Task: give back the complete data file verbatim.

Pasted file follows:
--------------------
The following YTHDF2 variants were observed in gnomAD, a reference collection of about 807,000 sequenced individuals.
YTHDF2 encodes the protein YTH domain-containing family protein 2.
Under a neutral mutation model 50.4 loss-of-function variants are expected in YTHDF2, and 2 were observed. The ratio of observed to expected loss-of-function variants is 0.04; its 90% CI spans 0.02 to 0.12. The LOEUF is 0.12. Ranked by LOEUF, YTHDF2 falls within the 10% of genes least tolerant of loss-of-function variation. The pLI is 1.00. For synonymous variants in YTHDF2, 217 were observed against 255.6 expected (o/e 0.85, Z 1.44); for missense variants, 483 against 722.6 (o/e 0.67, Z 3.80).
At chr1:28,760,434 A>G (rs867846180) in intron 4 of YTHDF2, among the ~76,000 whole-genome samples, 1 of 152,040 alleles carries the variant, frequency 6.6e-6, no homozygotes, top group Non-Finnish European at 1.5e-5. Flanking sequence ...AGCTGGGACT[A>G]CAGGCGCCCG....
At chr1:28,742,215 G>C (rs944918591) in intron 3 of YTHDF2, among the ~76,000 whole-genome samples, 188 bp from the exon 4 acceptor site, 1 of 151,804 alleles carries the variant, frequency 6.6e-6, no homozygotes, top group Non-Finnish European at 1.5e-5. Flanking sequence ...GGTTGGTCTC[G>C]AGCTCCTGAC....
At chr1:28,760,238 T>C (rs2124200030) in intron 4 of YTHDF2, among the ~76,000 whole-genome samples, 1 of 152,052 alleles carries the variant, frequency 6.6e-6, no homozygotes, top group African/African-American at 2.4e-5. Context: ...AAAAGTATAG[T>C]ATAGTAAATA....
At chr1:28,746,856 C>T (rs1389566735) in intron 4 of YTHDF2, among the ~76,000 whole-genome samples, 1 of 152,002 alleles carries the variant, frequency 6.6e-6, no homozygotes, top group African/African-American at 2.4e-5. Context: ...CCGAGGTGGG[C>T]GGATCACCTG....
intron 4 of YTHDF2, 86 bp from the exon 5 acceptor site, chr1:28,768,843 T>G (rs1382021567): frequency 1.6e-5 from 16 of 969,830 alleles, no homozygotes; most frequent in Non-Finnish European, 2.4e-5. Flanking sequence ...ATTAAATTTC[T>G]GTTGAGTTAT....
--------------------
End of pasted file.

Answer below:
The following YTHDF2 variants were observed in gnomAD, a reference collection of about 807,000 sequenced individuals.
YTHDF2 encodes the protein YTH domain-containing family protein 2.
Under a neutral mutation model 50.4 loss-of-function variants are expected in YTHDF2, and 2 were observed. The ratio of observed to expected loss-of-function variants is 0.04; its 90% CI spans 0.02 to 0.12. The LOEUF is 0.12. Ranked by LOEUF, YTHDF2 falls within the 10% of genes least tolerant of loss-of-function variation. The pLI is 1.00. For synonymous variants in YTHDF2, 217 were observed against 255.6 expected (o/e 0.85, Z 1.44); for missense variants, 483 against 722.6 (o/e 0.67, Z 3.80).
At chr1:28,760,434 A>G (rs867846180) in intron 4 of YTHDF2, among the ~76,000 whole-genome samples, 1 of 152,040 alleles carries the variant, frequency 6.6e-6, no homozygotes, top group Non-Finnish European at 1.5e-5. Flanking sequence ...AGCTGGGACT[A>G]CAGGCGCCCG....
At chr1:28,742,215 G>C (rs944918591) in intron 3 of YTHDF2, among the ~76,000 whole-genome samples, 188 bp from the exon 4 acceptor site, 1 of 151,804 alleles carries the variant, frequency 6.6e-6, no homozygotes, top group Non-Finnish European at 1.5e-5. Flanking sequence ...GGTTGGTCTC[G>C]AGCTCCTGAC....
At chr1:28,760,238 T>C (rs2124200030) in intron 4 of YTHDF2, among the ~76,000 whole-genome samples, 1 of 152,052 alleles carries the variant, frequency 6.6e-6, no homozygotes, top group African/African-American at 2.4e-5. Context: ...AAAAGTATAG[T>C]ATAGTAAATA....
At chr1:28,746,856 C>T (rs1389566735) in intron 4 of YTHDF2, among the ~76,000 whole-genome samples, 1 of 152,002 alleles carries the variant, frequency 6.6e-6, no homozygotes, top group African/African-American at 2.4e-5. Context: ...CCGAGGTGGG[C>T]GGATCACCTG....
intron 4 of YTHDF2, 86 bp from the exon 5 acceptor site, chr1:28,768,843 T>G (rs1382021567): frequency 1.6e-5 from 16 of 969,830 alleles, no homozygotes; most frequent in Non-Finnish European, 2.4e-5. Flanking sequence ...ATTAAATTTC[T>G]GTTGAGTTAT....